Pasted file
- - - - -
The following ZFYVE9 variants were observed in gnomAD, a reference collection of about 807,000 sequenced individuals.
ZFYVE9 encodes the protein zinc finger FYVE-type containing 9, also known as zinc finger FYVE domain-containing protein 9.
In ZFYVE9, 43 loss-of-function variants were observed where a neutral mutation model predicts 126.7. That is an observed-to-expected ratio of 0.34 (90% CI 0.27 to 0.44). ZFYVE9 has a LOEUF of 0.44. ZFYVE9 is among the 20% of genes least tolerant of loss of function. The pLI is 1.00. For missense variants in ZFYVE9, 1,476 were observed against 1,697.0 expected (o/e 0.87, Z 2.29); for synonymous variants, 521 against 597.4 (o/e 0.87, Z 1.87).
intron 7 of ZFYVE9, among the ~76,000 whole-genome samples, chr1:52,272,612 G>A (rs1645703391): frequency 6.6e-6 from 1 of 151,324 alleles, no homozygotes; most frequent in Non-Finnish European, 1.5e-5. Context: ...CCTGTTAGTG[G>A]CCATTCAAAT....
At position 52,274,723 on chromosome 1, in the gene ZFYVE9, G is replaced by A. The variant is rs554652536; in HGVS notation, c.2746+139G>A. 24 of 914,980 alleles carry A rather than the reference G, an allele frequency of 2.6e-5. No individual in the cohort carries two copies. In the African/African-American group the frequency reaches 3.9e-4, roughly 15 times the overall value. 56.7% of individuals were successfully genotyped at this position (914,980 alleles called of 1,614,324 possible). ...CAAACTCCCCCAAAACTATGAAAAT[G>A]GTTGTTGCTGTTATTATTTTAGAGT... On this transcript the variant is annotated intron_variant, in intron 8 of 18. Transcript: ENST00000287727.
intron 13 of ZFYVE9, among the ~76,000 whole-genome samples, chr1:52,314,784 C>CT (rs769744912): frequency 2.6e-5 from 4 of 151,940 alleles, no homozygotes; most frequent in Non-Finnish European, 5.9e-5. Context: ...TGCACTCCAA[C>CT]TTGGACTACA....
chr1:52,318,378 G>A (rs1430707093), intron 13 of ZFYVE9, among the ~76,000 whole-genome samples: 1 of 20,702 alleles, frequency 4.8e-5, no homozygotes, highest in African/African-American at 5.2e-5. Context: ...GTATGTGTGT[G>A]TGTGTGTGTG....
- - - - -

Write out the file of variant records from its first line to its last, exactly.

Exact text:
The following ZFYVE9 variants were observed in gnomAD, a reference collection of about 807,000 sequenced individuals.
ZFYVE9 encodes the protein zinc finger FYVE-type containing 9, also known as zinc finger FYVE domain-containing protein 9.
In ZFYVE9, 43 loss-of-function variants were observed where a neutral mutation model predicts 126.7. That is an observed-to-expected ratio of 0.34 (90% CI 0.27 to 0.44). ZFYVE9 has a LOEUF of 0.44. ZFYVE9 is among the 20% of genes least tolerant of loss of function. The pLI is 1.00. For missense variants in ZFYVE9, 1,476 were observed against 1,697.0 expected (o/e 0.87, Z 2.29); for synonymous variants, 521 against 597.4 (o/e 0.87, Z 1.87).
intron 7 of ZFYVE9, among the ~76,000 whole-genome samples, chr1:52,272,612 G>A (rs1645703391): frequency 6.6e-6 from 1 of 151,324 alleles, no homozygotes; most frequent in Non-Finnish European, 1.5e-5. Context: ...CCTGTTAGTG[G>A]CCATTCAAAT....
At position 52,274,723 on chromosome 1, in the gene ZFYVE9, G is replaced by A. The variant is rs554652536; in HGVS notation, c.2746+139G>A. 24 of 914,980 alleles carry A rather than the reference G, an allele frequency of 2.6e-5. No individual in the cohort carries two copies. In the African/African-American group the frequency reaches 3.9e-4, roughly 15 times the overall value. 56.7% of individuals were successfully genotyped at this position (914,980 alleles called of 1,614,324 possible). ...CAAACTCCCCCAAAACTATGAAAAT[G>A]GTTGTTGCTGTTATTATTTTAGAGT... On this transcript the variant is annotated intron_variant, in intron 8 of 18. Transcript: ENST00000287727.
intron 13 of ZFYVE9, among the ~76,000 whole-genome samples, chr1:52,314,784 C>CT (rs769744912): frequency 2.6e-5 from 4 of 151,940 alleles, no homozygotes; most frequent in Non-Finnish European, 5.9e-5. Context: ...TGCACTCCAA[C>CT]TTGGACTACA....
chr1:52,318,378 G>A (rs1430707093), intron 13 of ZFYVE9, among the ~76,000 whole-genome samples: 1 of 20,702 alleles, frequency 4.8e-5, no homozygotes, highest in African/African-American at 5.2e-5. Context: ...GTATGTGTGT[G>A]TGTGTGTGTG....